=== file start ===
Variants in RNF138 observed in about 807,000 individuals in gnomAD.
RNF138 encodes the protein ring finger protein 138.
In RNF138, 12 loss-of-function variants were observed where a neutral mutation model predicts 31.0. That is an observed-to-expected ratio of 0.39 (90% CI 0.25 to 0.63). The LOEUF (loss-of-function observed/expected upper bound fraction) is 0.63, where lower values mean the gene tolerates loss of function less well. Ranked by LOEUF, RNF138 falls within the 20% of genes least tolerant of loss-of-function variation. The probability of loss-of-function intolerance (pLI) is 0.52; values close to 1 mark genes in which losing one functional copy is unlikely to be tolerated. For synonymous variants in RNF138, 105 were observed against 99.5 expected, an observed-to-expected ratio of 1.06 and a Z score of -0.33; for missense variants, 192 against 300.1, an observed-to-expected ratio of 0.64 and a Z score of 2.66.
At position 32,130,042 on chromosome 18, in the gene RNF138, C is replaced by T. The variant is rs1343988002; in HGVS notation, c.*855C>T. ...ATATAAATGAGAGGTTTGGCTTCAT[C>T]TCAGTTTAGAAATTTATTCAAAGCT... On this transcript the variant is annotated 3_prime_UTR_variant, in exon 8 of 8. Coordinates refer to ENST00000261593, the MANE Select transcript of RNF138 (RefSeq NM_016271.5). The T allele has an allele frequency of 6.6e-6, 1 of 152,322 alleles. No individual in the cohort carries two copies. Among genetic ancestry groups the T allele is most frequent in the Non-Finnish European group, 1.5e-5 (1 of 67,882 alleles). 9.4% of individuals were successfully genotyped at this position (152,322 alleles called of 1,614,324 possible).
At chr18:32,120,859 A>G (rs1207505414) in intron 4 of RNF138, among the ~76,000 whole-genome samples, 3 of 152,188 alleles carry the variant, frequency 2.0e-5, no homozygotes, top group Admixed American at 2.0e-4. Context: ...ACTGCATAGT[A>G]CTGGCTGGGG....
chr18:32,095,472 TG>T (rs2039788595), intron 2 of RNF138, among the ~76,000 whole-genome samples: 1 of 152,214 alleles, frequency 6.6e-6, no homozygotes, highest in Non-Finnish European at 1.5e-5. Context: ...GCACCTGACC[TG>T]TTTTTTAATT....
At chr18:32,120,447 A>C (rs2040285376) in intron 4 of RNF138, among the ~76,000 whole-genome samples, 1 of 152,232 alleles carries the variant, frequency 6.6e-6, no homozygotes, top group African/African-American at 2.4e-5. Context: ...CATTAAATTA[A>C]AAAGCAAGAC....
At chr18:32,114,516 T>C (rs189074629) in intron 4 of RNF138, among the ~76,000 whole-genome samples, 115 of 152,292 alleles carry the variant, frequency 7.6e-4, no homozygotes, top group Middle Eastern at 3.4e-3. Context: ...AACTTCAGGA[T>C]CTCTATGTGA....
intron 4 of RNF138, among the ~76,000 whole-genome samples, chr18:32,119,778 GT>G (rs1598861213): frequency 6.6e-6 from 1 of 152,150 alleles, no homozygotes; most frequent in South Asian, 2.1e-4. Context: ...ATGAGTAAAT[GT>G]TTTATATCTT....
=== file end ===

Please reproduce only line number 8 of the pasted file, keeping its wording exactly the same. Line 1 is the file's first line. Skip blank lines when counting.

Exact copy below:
At chr18:32,114,516 T>C (rs189074629) in intron 4 of RNF138, among the ~76,000 whole-genome samples, 115 of 152,292 alleles carry the variant, frequency 7.6e-4, no homozygotes, top group Middle Eastern at 3.4e-3. Context: ...AACTTCAGGA[T>C]CTCTATGTGA....